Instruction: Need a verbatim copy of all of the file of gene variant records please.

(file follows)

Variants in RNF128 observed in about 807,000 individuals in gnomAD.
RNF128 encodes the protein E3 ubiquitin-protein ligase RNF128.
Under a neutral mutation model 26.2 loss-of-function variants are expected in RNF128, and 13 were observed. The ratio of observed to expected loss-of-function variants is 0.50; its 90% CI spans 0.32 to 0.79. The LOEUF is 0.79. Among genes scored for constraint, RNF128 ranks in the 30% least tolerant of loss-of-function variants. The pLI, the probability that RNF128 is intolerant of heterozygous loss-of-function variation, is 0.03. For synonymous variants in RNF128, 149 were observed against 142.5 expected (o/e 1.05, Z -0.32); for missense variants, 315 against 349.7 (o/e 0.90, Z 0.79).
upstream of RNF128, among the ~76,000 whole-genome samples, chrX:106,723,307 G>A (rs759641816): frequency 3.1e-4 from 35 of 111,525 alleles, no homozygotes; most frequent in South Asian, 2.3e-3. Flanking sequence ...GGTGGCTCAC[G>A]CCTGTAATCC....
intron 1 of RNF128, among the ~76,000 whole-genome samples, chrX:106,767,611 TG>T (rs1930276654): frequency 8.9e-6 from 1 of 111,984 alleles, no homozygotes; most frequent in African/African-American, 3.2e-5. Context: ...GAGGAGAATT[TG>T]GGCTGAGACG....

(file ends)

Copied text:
Variants in RNF128 observed in about 807,000 individuals in gnomAD.
RNF128 encodes the protein E3 ubiquitin-protein ligase RNF128.
Under a neutral mutation model 26.2 loss-of-function variants are expected in RNF128, and 13 were observed. The ratio of observed to expected loss-of-function variants is 0.50; its 90% CI spans 0.32 to 0.79. The LOEUF is 0.79. Among genes scored for constraint, RNF128 ranks in the 30% least tolerant of loss-of-function variants. The pLI, the probability that RNF128 is intolerant of heterozygous loss-of-function variation, is 0.03. For synonymous variants in RNF128, 149 were observed against 142.5 expected (o/e 1.05, Z -0.32); for missense variants, 315 against 349.7 (o/e 0.90, Z 0.79).
upstream of RNF128, among the ~76,000 whole-genome samples, chrX:106,723,307 G>A (rs759641816): frequency 3.1e-4 from 35 of 111,525 alleles, no homozygotes; most frequent in South Asian, 2.3e-3. Flanking sequence ...GGTGGCTCAC[G>A]CCTGTAATCC....
intron 1 of RNF128, among the ~76,000 whole-genome samples, chrX:106,767,611 TG>T (rs1930276654): frequency 8.9e-6 from 1 of 111,984 alleles, no homozygotes; most frequent in African/African-American, 3.2e-5. Context: ...GAGGAGAATT[TG>T]GGCTGAGACG....